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Iowa public safety chief leaves after rocky tenure

By RYAN J. FOLEY, Associated Press | Sep 04, 2013

IOWA CITY (AP) — Iowa’s top public safety official has resigned, the governor’s office said Wednesday, after a rocky tenure that lasted less than a year.

Public Safety Commissioner K. Brian London submitted his resignation Tuesday evening to Gov. Terry Branstad, ending 11 months as head of the department that investigates major crimes and patrols Iowa’s roadways.

Current and former employees have blamed him for a drop in employee morale and missteps in a scandal involving the governor’s speeding vehicle, and he has been criticized for a remark that offended Filipinos.

London and two other department officials were sued last month for their roles in the firing of Division of Criminal Investigation special agent Larry Hedlund, who contends superiors retaliated against him for filing a complaint in April about the governor’s speeding state vehicle. The speeding case has for weeks dogged Branstad, who is making plans to run for re-election next year.

London apologized last month for telling department employees that, in his experience with lie detection tests, cultural barriers made Filipinos difficult to polygraph. London claimed he was simply trying to make a technical point, but his remarks were condemned by the Philippine ambassador to the U.S., who called London to demand an explanation.

Branstad’s office confirmed London’s resignation and announced the reinstatement of Larry Noble to lead the department. Noble, a former state trooper and state senator, served as commissioner in 2011 and 2012 before announcing his retirement.

Branstad spokesman Tim Albrecht said he did not know if Branstad sought London’s resignation. But in announcing Noble’s return, the governor made a reference to the turmoil, saying Noble has the “experience and leadership ability to restore stability and predictability within this very important department of state government.”

Sen. Jeff Danielson, D-Cedar Falls, welcomed the end of London’s tenure. Danielson chaired London’s confirmation hearings earlier this year in the Senate, which voted to confirm London despite Danielson’s no vote. He said he’d received a pattern of negative feedback about London’s management style and that he “perhaps didn’t fit the culture of the department.”

Danielson praised Noble’s appointment, saying he has a long history with the department, is open-minded and works through problems. He said the department should improve its response to employee feedback and reinstate Hedlund, a 25-year veteran who had no prior discipline against him.

“He was the only one who was prepared to critique the department,” Danielson said.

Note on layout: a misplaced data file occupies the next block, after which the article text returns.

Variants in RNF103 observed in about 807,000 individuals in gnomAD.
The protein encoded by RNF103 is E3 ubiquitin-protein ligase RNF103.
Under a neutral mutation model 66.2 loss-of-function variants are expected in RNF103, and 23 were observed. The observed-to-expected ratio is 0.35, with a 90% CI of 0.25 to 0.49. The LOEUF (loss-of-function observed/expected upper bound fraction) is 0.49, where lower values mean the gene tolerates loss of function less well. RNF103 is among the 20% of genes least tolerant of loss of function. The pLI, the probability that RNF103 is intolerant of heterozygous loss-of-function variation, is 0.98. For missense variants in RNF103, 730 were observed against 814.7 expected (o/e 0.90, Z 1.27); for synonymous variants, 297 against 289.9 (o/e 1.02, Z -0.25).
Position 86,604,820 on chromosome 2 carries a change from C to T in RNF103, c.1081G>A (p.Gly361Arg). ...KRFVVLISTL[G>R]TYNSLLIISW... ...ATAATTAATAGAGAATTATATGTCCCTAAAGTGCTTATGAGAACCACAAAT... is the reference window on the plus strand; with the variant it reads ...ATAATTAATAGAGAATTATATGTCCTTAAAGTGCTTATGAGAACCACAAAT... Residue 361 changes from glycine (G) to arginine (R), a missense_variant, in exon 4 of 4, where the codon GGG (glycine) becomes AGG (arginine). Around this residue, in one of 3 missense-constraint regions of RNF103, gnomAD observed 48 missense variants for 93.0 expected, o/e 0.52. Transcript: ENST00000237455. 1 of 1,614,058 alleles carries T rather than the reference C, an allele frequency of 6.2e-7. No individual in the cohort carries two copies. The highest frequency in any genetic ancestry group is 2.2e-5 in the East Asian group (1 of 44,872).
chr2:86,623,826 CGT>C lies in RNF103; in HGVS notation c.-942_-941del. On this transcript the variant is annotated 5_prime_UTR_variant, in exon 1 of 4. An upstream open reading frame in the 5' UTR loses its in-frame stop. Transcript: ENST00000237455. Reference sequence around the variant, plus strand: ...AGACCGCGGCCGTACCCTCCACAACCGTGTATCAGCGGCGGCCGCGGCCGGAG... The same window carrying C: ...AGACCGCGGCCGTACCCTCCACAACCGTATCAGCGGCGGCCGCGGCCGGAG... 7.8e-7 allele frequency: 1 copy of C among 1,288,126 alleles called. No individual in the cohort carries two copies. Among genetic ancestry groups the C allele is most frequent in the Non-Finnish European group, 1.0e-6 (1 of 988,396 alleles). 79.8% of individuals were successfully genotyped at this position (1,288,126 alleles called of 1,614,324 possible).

Branstad’s choice of London as its 22nd commissioner a year ago was somewhat unconventional because he had no ties to Iowa and an exotic background. London had worked until 2010 as the top law enforcement official in Florida’s Department of Financial Services after stints at the CIA, the Secret Service, the U.S. Customs Service and Interpol, according to his official biography.

At the time, Branstad said London would bring a wealth of experience to the job, which paid him an annual salary of $145,000. But immediately after taking over, London created friction by changing the leadership of divisions and installing his own appointees.

Hedlund’s wrongful termination lawsuit claims that employees were upset with London’s management style, saying he pressured subordinates with threats of firings and reassignments.

In a complaint to London in April, Hedlund recounted how he and a trooper had pursued the governor’s speeding vehicle, which was clocked at 84 mph in a 65-mph zone. Hedlund said the incident had endangered public safety and must be addressed.

Hedlund was placed on administrative leave days later and fired in July for what the department called unbecoming and discourteous conduct. Meanwhile, the department did not investigate the speeding incident until audio and video files were released publicly in July. The trooper who was driving Branstad was disciplined and ticketed, and the governor directed his drivers to obey traffic laws going forward.

Branstad denied retaliating against Hedlund but declined to express confidence in London, who kept a low public profile throughout the case. A review by former Iowa Chief Justice Louis Lavorato concluded that Branstad’s office had no role in Hedlund’s firing, but that a jury would ultimately have to decide whether Hedlund’s superiors retaliated.

The Iowa Public Safety Department includes the Division of Criminal Investigation, the Iowa State Patrol, the state Fire Marshal, the Division of Narcotics Enforcement and the Fusion Center. The department has 615 sworn officers, roughly 300 civilian employees and 38 offices around the state.

Associated Press writer Catherine Lucey contributed from Des Moines.

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